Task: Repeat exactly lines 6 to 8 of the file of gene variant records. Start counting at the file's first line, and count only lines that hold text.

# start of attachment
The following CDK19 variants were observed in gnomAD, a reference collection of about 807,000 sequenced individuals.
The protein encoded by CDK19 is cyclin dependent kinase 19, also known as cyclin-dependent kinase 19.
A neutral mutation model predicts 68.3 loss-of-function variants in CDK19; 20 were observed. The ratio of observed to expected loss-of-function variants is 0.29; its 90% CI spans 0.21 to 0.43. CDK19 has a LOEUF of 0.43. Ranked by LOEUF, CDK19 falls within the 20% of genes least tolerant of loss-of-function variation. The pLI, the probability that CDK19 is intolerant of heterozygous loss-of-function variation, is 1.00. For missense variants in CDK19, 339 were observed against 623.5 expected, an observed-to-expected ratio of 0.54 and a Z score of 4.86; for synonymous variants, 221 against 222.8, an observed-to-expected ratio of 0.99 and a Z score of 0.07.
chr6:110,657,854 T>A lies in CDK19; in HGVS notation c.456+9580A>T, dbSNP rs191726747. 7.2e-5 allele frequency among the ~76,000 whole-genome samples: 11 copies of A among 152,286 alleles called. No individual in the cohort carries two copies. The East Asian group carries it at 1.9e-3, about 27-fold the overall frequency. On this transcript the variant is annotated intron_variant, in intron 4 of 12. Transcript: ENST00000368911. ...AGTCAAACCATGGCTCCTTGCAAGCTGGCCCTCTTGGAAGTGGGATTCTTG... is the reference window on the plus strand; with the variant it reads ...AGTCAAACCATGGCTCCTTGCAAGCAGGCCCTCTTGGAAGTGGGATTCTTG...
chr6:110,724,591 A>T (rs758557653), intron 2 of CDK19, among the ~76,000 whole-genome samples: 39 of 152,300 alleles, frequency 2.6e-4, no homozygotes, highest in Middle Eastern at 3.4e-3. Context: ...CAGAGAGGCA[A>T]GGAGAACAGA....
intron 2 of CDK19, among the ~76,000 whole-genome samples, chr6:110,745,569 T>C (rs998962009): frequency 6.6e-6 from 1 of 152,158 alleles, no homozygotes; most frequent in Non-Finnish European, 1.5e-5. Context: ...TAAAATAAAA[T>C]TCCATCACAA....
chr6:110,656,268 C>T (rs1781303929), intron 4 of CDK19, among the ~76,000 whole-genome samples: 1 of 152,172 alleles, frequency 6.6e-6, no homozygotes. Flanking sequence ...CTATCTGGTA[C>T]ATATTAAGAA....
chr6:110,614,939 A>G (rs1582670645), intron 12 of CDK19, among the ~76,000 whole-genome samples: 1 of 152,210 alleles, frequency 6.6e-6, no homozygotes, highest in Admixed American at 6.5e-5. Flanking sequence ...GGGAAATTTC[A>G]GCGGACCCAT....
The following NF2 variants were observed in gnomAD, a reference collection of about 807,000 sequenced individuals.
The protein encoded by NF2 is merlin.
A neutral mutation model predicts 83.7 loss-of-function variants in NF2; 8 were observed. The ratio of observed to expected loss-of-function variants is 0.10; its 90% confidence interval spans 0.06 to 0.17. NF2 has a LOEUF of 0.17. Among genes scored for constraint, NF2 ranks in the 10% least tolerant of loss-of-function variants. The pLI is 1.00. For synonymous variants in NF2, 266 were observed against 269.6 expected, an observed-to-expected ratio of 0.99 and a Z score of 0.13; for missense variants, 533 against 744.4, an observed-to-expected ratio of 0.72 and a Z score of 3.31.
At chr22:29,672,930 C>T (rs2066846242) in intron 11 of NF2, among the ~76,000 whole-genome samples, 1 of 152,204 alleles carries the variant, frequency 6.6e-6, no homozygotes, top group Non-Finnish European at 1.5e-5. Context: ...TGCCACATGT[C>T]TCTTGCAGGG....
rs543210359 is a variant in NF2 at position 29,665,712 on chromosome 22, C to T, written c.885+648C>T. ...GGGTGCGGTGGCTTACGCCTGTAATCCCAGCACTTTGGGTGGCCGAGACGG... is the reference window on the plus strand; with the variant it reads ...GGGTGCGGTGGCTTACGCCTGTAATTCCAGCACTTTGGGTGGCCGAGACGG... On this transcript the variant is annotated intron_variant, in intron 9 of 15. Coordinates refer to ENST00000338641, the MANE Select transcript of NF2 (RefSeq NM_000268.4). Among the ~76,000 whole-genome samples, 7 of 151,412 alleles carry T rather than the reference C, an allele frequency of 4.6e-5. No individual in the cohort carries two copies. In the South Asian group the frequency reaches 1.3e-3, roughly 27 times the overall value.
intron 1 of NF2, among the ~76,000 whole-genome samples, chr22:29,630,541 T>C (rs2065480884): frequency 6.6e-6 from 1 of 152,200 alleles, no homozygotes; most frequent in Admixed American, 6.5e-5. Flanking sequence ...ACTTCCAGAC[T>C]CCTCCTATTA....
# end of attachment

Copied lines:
intron 2 of CDK19, among the ~76,000 whole-genome samples, chr6:110,745,569 T>C (rs998962009): frequency 6.6e-6 from 1 of 152,158 alleles, no homozygotes; most frequent in Non-Finnish European, 1.5e-5. Context: ...TAAAATAAAA[T>C]TCCATCACAA....
chr6:110,656,268 C>T (rs1781303929), intron 4 of CDK19, among the ~76,000 whole-genome samples: 1 of 152,172 alleles, frequency 6.6e-6, no homozygotes. Flanking sequence ...CTATCTGGTA[C>T]ATATTAAGAA....
chr6:110,614,939 A>G (rs1582670645), intron 12 of CDK19, among the ~76,000 whole-genome samples: 1 of 152,210 alleles, frequency 6.6e-6, no homozygotes, highest in Admixed American at 6.5e-5. Flanking sequence ...GGGAAATTTC[A>G]GCGGACCCAT....